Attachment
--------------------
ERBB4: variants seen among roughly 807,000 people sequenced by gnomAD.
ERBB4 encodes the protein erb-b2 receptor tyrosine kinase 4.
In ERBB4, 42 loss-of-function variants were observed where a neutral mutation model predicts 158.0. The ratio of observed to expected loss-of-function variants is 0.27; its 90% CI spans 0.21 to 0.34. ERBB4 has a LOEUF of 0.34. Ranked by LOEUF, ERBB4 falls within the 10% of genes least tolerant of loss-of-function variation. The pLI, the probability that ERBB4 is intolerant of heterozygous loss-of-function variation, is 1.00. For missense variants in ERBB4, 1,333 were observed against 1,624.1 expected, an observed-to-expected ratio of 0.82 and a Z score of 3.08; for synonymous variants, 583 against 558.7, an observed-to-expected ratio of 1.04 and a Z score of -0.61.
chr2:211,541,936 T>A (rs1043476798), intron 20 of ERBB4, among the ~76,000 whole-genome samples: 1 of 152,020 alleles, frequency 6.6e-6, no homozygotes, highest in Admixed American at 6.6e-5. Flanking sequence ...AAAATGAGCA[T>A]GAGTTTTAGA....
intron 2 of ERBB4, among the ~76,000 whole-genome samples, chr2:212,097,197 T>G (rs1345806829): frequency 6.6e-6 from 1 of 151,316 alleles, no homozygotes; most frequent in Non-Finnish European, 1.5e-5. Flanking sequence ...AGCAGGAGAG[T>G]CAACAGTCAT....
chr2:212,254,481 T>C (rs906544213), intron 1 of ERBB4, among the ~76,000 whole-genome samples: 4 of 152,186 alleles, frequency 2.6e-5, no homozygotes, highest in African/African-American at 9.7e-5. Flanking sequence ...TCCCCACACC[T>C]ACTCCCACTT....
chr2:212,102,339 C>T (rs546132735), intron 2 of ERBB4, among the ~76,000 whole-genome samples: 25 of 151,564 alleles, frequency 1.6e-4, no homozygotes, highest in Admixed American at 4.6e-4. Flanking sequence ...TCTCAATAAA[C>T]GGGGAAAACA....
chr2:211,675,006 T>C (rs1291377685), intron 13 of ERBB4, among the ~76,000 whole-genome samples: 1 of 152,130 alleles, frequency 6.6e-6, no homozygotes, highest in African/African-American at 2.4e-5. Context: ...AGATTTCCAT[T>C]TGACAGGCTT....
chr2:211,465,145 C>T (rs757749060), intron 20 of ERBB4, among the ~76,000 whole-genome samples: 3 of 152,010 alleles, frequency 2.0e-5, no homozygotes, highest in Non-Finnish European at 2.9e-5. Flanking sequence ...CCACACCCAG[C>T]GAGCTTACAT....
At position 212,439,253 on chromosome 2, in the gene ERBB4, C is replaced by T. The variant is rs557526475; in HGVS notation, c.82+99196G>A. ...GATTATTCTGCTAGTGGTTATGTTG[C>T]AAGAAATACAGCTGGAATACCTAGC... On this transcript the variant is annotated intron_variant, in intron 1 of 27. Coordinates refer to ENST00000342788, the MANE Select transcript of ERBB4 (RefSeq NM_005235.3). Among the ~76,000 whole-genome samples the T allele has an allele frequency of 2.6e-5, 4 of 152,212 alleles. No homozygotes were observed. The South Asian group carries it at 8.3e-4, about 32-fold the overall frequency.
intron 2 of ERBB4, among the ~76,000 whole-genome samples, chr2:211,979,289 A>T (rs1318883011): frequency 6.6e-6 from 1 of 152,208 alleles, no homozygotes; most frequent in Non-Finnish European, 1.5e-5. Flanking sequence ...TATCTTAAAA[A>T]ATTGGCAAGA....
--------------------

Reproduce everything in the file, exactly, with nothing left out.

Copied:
ERBB4: variants seen among roughly 807,000 people sequenced by gnomAD.
ERBB4 encodes the protein erb-b2 receptor tyrosine kinase 4.
In ERBB4, 42 loss-of-function variants were observed where a neutral mutation model predicts 158.0. The ratio of observed to expected loss-of-function variants is 0.27; its 90% CI spans 0.21 to 0.34. ERBB4 has a LOEUF of 0.34. Ranked by LOEUF, ERBB4 falls within the 10% of genes least tolerant of loss-of-function variation. The pLI, the probability that ERBB4 is intolerant of heterozygous loss-of-function variation, is 1.00. For missense variants in ERBB4, 1,333 were observed against 1,624.1 expected, an observed-to-expected ratio of 0.82 and a Z score of 3.08; for synonymous variants, 583 against 558.7, an observed-to-expected ratio of 1.04 and a Z score of -0.61.
chr2:211,541,936 T>A (rs1043476798), intron 20 of ERBB4, among the ~76,000 whole-genome samples: 1 of 152,020 alleles, frequency 6.6e-6, no homozygotes, highest in Admixed American at 6.6e-5. Flanking sequence ...AAAATGAGCA[T>A]GAGTTTTAGA....
intron 2 of ERBB4, among the ~76,000 whole-genome samples, chr2:212,097,197 T>G (rs1345806829): frequency 6.6e-6 from 1 of 151,316 alleles, no homozygotes; most frequent in Non-Finnish European, 1.5e-5. Flanking sequence ...AGCAGGAGAG[T>G]CAACAGTCAT....
chr2:212,254,481 T>C (rs906544213), intron 1 of ERBB4, among the ~76,000 whole-genome samples: 4 of 152,186 alleles, frequency 2.6e-5, no homozygotes, highest in African/African-American at 9.7e-5. Flanking sequence ...TCCCCACACC[T>C]ACTCCCACTT....
chr2:212,102,339 C>T (rs546132735), intron 2 of ERBB4, among the ~76,000 whole-genome samples: 25 of 151,564 alleles, frequency 1.6e-4, no homozygotes, highest in Admixed American at 4.6e-4. Flanking sequence ...TCTCAATAAA[C>T]GGGGAAAACA....
chr2:211,675,006 T>C (rs1291377685), intron 13 of ERBB4, among the ~76,000 whole-genome samples: 1 of 152,130 alleles, frequency 6.6e-6, no homozygotes, highest in African/African-American at 2.4e-5. Context: ...AGATTTCCAT[T>C]TGACAGGCTT....
chr2:211,465,145 C>T (rs757749060), intron 20 of ERBB4, among the ~76,000 whole-genome samples: 3 of 152,010 alleles, frequency 2.0e-5, no homozygotes, highest in Non-Finnish European at 2.9e-5. Flanking sequence ...CCACACCCAG[C>T]GAGCTTACAT....
At position 212,439,253 on chromosome 2, in the gene ERBB4, C is replaced by T. The variant is rs557526475; in HGVS notation, c.82+99196G>A. ...GATTATTCTGCTAGTGGTTATGTTG[C>T]AAGAAATACAGCTGGAATACCTAGC... On this transcript the variant is annotated intron_variant, in intron 1 of 27. Coordinates refer to ENST00000342788, the MANE Select transcript of ERBB4 (RefSeq NM_005235.3). Among the ~76,000 whole-genome samples the T allele has an allele frequency of 2.6e-5, 4 of 152,212 alleles. No homozygotes were observed. The South Asian group carries it at 8.3e-4, about 32-fold the overall frequency.
intron 2 of ERBB4, among the ~76,000 whole-genome samples, chr2:211,979,289 A>T (rs1318883011): frequency 6.6e-6 from 1 of 152,208 alleles, no homozygotes; most frequent in Non-Finnish European, 1.5e-5. Flanking sequence ...TATCTTAAAA[A>T]ATTGGCAAGA....